“The stocks of what was, until now, a private inventory of aged whisky were built up through the generations on a parcel-by-parcel basis — the consequence at times of an experimental mindset, at times of casks held back to see how they developed, and at times because the stocks in question were of obvious historical significance, for example, the first drops of whisky that ran off the stills at Girvan,” says Gibson.
“Much of this happened during periods when greatly aged Scotch was neither fashionable nor in demand, showing remarkable prescience and perhaps an instinct for what would come in the years ahead.”
Aged Scotch is most certainly in demand now, especially in Asia, with auction records for rare aged whisky smashed and whisky brands reporting strong growth. Taiwan, China, Singapore and South Korea are booming markets for many Scotch brands, including Royal Salute, the blended Scotch that starts at 21 years old.
Mathieu Deslandes, marketing director at Royal Salute, says the brand grew more than 30 per cent globally in 2021. The Asian market has nearly doubled over the last five years.
“The Asian consumer has a strong appetite for prestigious spirits, including whisky and cognac. There’s a culture of gastronomy and entertainment, of bringing people together for celebrations and shared occasions,” he says.
The brand, established in 1953 to create a whisky in honour of Queen Elizabeth II’s ascension to the British throne, released the Royal Salute Platinum Jubilee Edition last year to celebrate Her Majesty’s reign. The blend, which comes with a US$20,000 (S$27,000) price tag, combines the red apple notes of Inverleven Distillery with Lochside’s hints of blackcurrant and Caperdonich’s rich toffee.
Alongside its more traditional focus, Royal Salute has in recent years taken an innovative approach by offering bespoke blends that retain the brand’s heart of rich malts and smooth grains while offering something new.
Last year, it collaborated with British sculptor Kate MccGwire on a 53 Year Old, one of the highest age statements to be released by the brand. The Royal Salute Forces of Nature by Kate MccGwire, priced at US$90,000, is the first expression in a new artist collection called The Art of Wonder. Each of the 21 bottles was accompanied by a unique artwork created by MccGwire, a feather specialist.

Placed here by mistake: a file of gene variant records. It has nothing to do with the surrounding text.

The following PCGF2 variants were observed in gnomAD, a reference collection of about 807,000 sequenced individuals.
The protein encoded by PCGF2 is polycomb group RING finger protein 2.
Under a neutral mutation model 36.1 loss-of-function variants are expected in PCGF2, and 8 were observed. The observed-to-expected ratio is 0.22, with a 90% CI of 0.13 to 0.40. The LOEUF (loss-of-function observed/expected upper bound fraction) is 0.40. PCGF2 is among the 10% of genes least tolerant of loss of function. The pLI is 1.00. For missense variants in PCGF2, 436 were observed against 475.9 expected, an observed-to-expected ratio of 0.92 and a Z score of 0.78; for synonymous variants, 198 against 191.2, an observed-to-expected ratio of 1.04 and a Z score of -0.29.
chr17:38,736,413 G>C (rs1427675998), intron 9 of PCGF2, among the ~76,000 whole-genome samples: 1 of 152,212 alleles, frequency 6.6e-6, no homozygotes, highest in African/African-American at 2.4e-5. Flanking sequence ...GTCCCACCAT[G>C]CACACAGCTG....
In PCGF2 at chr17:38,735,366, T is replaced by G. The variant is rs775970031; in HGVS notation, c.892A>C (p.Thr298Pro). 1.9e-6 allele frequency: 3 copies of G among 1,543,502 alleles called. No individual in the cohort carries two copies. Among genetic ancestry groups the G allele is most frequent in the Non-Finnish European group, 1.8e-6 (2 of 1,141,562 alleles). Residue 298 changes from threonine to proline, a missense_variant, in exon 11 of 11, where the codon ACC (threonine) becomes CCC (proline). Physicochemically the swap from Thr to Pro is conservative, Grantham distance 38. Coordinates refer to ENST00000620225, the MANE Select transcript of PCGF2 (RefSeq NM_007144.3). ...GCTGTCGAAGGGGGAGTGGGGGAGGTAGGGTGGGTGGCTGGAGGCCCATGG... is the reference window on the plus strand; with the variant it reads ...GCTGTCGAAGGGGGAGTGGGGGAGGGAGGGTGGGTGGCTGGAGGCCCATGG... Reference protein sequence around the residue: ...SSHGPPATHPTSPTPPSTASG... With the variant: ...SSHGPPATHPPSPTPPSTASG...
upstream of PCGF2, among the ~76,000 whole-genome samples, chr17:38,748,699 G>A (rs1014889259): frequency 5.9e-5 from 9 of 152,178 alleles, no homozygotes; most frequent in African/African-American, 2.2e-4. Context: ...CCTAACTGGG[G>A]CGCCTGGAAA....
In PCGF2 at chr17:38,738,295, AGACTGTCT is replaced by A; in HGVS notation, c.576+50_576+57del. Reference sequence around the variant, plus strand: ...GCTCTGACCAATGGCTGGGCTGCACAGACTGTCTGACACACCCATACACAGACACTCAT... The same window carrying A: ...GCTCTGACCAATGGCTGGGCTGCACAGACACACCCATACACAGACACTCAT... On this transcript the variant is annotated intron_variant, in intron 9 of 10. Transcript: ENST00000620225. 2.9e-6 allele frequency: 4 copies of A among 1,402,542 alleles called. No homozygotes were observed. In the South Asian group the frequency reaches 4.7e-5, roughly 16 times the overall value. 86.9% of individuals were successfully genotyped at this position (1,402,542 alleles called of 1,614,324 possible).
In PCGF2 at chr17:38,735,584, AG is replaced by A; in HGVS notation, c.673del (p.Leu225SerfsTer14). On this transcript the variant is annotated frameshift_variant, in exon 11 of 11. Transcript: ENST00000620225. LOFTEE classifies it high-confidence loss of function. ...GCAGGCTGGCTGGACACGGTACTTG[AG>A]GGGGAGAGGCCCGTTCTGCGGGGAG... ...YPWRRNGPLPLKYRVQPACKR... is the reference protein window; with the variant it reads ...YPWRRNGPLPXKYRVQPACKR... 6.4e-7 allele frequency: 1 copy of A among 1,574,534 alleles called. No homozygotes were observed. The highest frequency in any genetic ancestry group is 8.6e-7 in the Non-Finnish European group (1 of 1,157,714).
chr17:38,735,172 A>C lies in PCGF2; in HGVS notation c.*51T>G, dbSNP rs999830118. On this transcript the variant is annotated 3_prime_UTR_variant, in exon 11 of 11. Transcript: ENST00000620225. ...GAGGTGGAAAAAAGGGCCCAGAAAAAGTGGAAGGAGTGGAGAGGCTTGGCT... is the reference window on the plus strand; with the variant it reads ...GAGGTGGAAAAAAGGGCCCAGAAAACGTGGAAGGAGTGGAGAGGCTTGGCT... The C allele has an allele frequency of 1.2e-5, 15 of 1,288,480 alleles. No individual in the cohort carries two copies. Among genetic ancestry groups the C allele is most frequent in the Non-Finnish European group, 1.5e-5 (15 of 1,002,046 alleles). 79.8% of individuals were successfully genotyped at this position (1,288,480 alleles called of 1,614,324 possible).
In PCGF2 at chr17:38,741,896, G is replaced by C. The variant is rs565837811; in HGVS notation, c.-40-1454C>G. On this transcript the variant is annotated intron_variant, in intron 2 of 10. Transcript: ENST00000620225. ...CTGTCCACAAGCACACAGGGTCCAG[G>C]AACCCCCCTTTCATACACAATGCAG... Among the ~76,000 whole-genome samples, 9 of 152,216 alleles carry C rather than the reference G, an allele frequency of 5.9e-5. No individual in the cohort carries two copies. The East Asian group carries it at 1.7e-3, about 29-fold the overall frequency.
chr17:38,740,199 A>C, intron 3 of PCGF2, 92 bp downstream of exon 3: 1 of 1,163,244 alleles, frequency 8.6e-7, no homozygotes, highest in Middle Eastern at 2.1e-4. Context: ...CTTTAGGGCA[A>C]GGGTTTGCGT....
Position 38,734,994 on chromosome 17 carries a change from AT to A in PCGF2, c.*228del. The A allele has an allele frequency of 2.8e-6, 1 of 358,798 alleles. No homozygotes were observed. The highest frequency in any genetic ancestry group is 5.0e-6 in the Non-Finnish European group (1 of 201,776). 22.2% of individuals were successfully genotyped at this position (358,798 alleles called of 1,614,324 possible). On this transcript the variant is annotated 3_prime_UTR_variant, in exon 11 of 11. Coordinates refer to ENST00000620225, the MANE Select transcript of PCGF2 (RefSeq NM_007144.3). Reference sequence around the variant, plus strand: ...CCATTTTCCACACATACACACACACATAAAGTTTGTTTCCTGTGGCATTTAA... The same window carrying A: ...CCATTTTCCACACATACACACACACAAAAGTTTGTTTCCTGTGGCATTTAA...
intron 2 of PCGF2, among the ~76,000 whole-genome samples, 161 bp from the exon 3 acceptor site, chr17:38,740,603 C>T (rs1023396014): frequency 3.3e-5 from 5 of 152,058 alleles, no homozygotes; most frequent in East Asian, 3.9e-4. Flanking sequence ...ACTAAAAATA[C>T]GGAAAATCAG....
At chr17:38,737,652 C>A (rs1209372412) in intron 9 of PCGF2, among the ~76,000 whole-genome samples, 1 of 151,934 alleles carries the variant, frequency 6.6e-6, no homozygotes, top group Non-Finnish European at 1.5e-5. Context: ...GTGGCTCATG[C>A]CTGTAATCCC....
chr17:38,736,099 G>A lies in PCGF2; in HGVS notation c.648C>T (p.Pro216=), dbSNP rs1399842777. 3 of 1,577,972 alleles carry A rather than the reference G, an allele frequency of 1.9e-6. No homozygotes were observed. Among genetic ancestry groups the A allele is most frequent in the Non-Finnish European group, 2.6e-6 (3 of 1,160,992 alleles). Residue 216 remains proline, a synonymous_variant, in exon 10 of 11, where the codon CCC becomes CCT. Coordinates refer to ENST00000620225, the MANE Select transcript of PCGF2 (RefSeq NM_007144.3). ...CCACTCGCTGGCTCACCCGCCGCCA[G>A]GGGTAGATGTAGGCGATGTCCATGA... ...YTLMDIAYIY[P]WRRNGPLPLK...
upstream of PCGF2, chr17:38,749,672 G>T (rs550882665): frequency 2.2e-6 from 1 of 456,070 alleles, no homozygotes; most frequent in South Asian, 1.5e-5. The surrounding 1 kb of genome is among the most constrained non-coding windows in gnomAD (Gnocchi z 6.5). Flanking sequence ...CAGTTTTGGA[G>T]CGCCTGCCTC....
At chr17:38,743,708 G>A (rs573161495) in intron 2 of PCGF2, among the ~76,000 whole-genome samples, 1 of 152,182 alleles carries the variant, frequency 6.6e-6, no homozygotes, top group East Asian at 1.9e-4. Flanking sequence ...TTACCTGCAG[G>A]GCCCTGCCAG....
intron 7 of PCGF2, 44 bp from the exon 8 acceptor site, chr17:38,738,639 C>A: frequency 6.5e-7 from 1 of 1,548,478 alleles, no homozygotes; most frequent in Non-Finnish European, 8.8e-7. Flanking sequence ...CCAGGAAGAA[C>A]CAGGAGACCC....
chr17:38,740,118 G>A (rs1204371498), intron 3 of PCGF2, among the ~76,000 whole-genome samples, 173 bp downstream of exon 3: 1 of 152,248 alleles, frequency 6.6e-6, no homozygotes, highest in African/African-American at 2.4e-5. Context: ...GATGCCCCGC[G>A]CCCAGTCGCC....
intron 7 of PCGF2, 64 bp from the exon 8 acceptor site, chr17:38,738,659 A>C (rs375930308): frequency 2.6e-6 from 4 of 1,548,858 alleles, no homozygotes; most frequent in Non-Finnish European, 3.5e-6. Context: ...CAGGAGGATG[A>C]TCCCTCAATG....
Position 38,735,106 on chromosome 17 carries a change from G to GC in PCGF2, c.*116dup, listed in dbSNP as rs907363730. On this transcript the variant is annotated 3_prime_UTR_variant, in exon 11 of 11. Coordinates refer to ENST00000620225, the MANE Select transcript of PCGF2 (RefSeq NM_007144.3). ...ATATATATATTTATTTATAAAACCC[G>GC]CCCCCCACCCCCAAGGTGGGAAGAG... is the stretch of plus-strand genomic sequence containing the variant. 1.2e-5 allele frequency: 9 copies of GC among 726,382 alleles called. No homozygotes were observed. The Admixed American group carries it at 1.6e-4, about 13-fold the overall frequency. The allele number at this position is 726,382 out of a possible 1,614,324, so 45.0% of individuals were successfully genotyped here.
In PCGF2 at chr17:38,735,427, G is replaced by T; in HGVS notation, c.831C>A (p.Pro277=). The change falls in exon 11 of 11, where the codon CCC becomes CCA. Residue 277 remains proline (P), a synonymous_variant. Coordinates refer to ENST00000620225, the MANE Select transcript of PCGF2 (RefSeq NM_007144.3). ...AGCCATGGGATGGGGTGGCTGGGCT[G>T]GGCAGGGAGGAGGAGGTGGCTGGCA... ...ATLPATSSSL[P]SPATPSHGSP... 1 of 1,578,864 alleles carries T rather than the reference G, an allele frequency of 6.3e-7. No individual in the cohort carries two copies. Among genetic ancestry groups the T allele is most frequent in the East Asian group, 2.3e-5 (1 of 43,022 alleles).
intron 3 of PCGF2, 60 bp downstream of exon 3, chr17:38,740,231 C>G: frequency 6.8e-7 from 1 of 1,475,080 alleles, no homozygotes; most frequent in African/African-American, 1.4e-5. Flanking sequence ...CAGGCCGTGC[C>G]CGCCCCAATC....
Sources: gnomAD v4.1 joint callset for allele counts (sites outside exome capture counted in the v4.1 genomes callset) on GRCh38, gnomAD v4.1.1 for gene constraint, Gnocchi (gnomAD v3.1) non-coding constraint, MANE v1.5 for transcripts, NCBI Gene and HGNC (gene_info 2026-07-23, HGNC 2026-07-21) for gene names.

The Pernod Ricard-owned company also collaborated with British fashion designer Richard Quinn to create a bespoke 21 Year Old blend. The bottle features bold blue flowers and the whisky has floral notes that pay homage to the young designer’s colourful designs.
The Asian consumer has a strong appetite for prestigious spirits, including whisky and cognac. There’s a culture of gastronomy and entertainment, of bringing people together for celebrations and shared occasions.
With limited edition releases, and storytelling — to honour a queen’s reign or an artist — to add a sense of “enchantment and wonder” to its whiskies, Deslandes believes it is diversifying its offerings.
It is clear that some blends can compete with single malts on age, quality and taste, but they are more limited when it comes to investment potential. In spite of that, as whisky investors around the world increase daily, and competition for rare whiskies becomes fiercer, those looking to expand their collections should not neglect blends.
“The majority of blend investments are made only in super rare, elite whiskies, such as Johnnie Walker or Royal Salute, or in very old whiskies from the early 1900s because of their vintage,” says Gana. “Investment in rare casks can also be beneficial.”
Experts advise, however, as with all whisky investing, to choose carefully and research thoroughly before making any big decisions.